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Recent Examples on the Web: Verb The Sudan money will soon be on its way to Embassy bombing victims and their families, and international investment will flow to Sudan if its policies are welcoming. The Editorial Board, WSJ, "Donald Trump’s Sudan Progress," 23 Dec. 2020 Once the vaccine does begin to flow to essential workers, states will be working from the government’s master list of industry categories. Washington Post, "Major U.S. companies are lobbying in a scrum for early vaccine," 19 Dec. 2020 The emergency Fed programs that were designed this spring to enable credit to flow to small and medium-sized businesses, as well as states and municipalities, are set to expire on December 31st anyway. John Cassidy, The New Yorker, "A Brazen Republican Power Play Is Blocking Essential COVID-19 Relief," 19 Dec. 2020 And the money continues to flow from investors to the same people in the same places, further entrenching the yawning geographic divide in this country. CNN, "Entrepreneurs create jobs. They deserve stimulus, too," 11 Dec. 2020 The region is being pushed by the federal government to clean up more sewage — and more thoroughly — before the watery end product can flow to the Detroit River and the Great Lakes. Bill Laitner, Detroit Free Press, "Can you save money and the environment? New plan for metro Detroit sewage has that goal," 10 Dec. 2020 In 2025, the excess expected to flow to the reserve is $99 million. Rochelle Olson, Star Tribune, "U.S. Bank Stadium reserve predicted to balloon to nearly half a billion dollars by 2025," 3 Dec. 2020 Resources tend to flow from the oldest and biggest trees to the youngest and smallest. New York Times, "The Social Life of Forests," 2 Dec. 2020 The valuations of target companies then explode, too, but street-level investors, once again, are shut out of these stratospheric early gains, which flow to the same impregnable oligarchy. Rana Dasgupta, Harper's Magazine, "The Silenced Majority," 24 Nov. 2020 Recent Examples on the Web: Noun Olive View-UCLA Medical Center in Sylmar has resolved its issue of oxygen freezing in its pipes; Harbor-UCLA Medical Center is still having a problem with the flow of oxygen through its pipes. Los Angeles Times, "L.A. County hospitals are losing the battle against COVID-19 surge as problems multiply," 6 Jan. 2021 His glimmering, smart-aleck flow now sounded grizzled and spooked, toggling between slurred, super-villain threats and Old English chivalry. Hua Hsu, The New Yorker, "The Wondrous Rhymes of MF Doom," 5 Jan. 2021 Rose regaining his comfort would go a long way toward helping the Pistons maintain their offensive flow. Omari Sankofa Ii, Detroit Free Press, "Detroit Pistons observations from upset win over Celtics: Saddiq Bey proving he's legit," 2 Jan. 2021 With Green acting as a secondary ball-handler, the Warriors should be able to regain some of their signature flow. Connor Letourneau, SFChronicle.com, "What to watch for in Draymond Green’s expected season debut with Warriors," 1 Jan. 2021 Everyone from newbies to experienced practitioners will find their flow here. Jenny Mccoy, Glamour, "21 Best YouTube Workouts for 2021," 24 Dec. 2020 In the morning you’re presented with a graph that shows your flow through the different cycles. Jacob Krol, CNN Underscored, "Amazon Halo review: A good fitness tracker — but is it too personal?," 23 Dec. 2020 Also, sniff, in the same way that a dog might; this method of smelling increases your air flow and doubles your chances of catching anything on the breeze. Laura Kiniry, Smithsonian Magazine, "This Holiday Season, Travel with Your Nose," 23 Dec. 2020 Future really gets into a pocket with the beat and his flow on this song. Natalia Barr, WSJ, "Haim, Lindsey Buckingham and More Musicians on Their Favorite Songs of 2020," 19 Dec. 2020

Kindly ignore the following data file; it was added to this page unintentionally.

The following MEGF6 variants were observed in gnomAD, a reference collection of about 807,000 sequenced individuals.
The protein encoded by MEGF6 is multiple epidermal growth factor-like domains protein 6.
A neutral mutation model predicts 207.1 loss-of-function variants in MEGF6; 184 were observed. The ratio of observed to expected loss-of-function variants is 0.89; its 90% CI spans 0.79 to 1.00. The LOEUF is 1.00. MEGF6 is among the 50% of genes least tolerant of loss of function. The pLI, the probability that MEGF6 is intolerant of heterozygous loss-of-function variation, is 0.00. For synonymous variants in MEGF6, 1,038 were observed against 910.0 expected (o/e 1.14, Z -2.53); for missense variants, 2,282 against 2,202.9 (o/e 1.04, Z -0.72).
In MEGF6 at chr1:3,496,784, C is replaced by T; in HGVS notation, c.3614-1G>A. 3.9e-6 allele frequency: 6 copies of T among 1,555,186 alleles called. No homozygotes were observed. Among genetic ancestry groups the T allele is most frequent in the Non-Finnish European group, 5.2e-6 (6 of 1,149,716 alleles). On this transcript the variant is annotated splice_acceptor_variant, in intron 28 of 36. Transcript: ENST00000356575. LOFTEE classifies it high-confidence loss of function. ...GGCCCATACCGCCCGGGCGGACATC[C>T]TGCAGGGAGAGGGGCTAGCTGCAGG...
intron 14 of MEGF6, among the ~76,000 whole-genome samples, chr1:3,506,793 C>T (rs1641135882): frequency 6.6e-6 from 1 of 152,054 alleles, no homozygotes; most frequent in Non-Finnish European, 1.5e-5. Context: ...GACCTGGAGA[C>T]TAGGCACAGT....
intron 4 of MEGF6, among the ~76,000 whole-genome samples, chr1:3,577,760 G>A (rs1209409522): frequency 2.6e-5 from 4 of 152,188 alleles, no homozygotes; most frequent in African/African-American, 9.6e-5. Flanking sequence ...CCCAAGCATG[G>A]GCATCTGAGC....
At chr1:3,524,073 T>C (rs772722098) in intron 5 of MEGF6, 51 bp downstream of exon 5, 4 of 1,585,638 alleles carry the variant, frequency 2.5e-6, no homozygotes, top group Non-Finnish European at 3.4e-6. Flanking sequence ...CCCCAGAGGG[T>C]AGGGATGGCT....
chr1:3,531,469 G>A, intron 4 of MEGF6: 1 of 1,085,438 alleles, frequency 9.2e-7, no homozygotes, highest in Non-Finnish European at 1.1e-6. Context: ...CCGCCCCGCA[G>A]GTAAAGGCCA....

These example sentences are selected automatically from various online news sources to reflect current usage of the word 'flow.' Views expressed in the examples do not represent the opinion of Merriam-Webster or its editors. Send us feedback.

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First Known Use of flow

Verb

before the 12th century, in the meaning defined at intransitive sense 1a(1)

Noun

15th century, in the meaning defined at sense 1

History and Etymology for flow

Verb and Noun

Middle English, from Old English flōwan; akin to Old High German flouwen to rinse, wash, Latin pluere to rain, Greek plein to sail, float

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Time Traveler for flow

Time Traveler

The first known use of flow was before the 12th century

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Statistics for flow

Last Updated

24 Jan 2021

Cite this Entry

“Flow.” Merriam-Webster.com Dictionary, Merriam-Webster, https://www.merriam-webster.com/dictionary/flow. Accessed 26 Jan. 2021.

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More Definitions for flow

flow

verb
How to pronounce flow (audio)

English Language Learners Definition of flow

 (Entry 1 of 2)

of liquid, gas, or electricity : to move in a steady and continuous way
: to move in a continuous and smooth way
: to move, come, or go continuously in one direction

flow

noun

English Language Learners Definition of flow (Entry 2 of 2)

: an act of flowing : the movement of something that is flowing
: a large area of mud or some other material that is flowing or that was formed by flowing
: the amount of something that flows in a certain time

flow

verb
\ ˈflō How to pronounce flow (audio) \
flowed; flowing

Kids Definition of flow

 (Entry 1 of 2)

1 : to move in or as if in a stream The river flows to the sea. She felt relief flow through her.
2 : to glide along smoothly Traffic is flowing on the highway.
3 : to hang loose and waving Her hair flowed down.

flow

noun

Kids Definition of flow (Entry 2 of 2)

1 : an act of moving in or as if in a stream a flow of tears a flow of praise
2 : the rise of the tide the ebb and flow of the tide
3 : a smooth even movement : stream the flow of conversation a flow of information
4 : an amount or mass of something moving in a stream blood flow
\ ˈflō How to pronounce flow (audio) \

Medical Definition of flow

 (Entry 1 of 2)

1 : to move with a continual change of place among the constituent particles blood flows toward the heart in veins

flow

noun

Medical Definition of flow (Entry 2 of 2)

1 : the quantity that flows in a certain time
3 : the motion characteristic of fluids

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Comments on flow